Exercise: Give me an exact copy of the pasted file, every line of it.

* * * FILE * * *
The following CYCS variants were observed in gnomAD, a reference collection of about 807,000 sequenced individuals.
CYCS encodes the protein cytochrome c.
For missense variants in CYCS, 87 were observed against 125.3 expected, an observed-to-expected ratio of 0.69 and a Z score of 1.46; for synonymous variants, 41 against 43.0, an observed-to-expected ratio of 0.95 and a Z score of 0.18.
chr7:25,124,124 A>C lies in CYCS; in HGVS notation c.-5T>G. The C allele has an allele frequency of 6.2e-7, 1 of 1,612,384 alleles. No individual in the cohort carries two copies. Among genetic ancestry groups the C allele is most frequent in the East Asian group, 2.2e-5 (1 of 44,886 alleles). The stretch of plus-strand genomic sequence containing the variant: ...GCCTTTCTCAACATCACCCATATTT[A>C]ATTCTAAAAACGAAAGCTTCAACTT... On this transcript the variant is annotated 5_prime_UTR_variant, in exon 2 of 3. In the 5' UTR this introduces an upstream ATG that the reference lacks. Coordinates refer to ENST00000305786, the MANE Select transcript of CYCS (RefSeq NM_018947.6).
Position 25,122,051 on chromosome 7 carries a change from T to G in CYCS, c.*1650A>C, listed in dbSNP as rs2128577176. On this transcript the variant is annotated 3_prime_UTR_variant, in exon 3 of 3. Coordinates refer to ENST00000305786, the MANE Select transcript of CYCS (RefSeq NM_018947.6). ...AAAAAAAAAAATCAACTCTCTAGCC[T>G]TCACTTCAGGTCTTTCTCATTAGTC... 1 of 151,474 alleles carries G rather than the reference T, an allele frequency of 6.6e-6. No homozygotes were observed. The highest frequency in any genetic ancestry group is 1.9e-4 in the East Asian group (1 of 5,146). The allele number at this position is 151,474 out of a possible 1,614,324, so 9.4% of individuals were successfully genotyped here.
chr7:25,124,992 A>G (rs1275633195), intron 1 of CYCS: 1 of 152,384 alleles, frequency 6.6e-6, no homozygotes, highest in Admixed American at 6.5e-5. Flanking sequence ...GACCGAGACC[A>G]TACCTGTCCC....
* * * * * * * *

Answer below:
The following CYCS variants were observed in gnomAD, a reference collection of about 807,000 sequenced individuals.
CYCS encodes the protein cytochrome c.
For missense variants in CYCS, 87 were observed against 125.3 expected, an observed-to-expected ratio of 0.69 and a Z score of 1.46; for synonymous variants, 41 against 43.0, an observed-to-expected ratio of 0.95 and a Z score of 0.18.
chr7:25,124,124 A>C lies in CYCS; in HGVS notation c.-5T>G. The C allele has an allele frequency of 6.2e-7, 1 of 1,612,384 alleles. No individual in the cohort carries two copies. Among genetic ancestry groups the C allele is most frequent in the East Asian group, 2.2e-5 (1 of 44,886 alleles). The stretch of plus-strand genomic sequence containing the variant: ...GCCTTTCTCAACATCACCCATATTT[A>C]ATTCTAAAAACGAAAGCTTCAACTT... On this transcript the variant is annotated 5_prime_UTR_variant, in exon 2 of 3. In the 5' UTR this introduces an upstream ATG that the reference lacks. Coordinates refer to ENST00000305786, the MANE Select transcript of CYCS (RefSeq NM_018947.6).
Position 25,122,051 on chromosome 7 carries a change from T to G in CYCS, c.*1650A>C, listed in dbSNP as rs2128577176. On this transcript the variant is annotated 3_prime_UTR_variant, in exon 3 of 3. Coordinates refer to ENST00000305786, the MANE Select transcript of CYCS (RefSeq NM_018947.6). ...AAAAAAAAAAATCAACTCTCTAGCC[T>G]TCACTTCAGGTCTTTCTCATTAGTC... 1 of 151,474 alleles carries G rather than the reference T, an allele frequency of 6.6e-6. No homozygotes were observed. The highest frequency in any genetic ancestry group is 1.9e-4 in the East Asian group (1 of 5,146). The allele number at this position is 151,474 out of a possible 1,614,324, so 9.4% of individuals were successfully genotyped here.
chr7:25,124,992 A>G (rs1275633195), intron 1 of CYCS: 1 of 152,384 alleles, frequency 6.6e-6, no homozygotes, highest in Admixed American at 6.5e-5. Flanking sequence ...GACCGAGACC[A>G]TACCTGTCCC....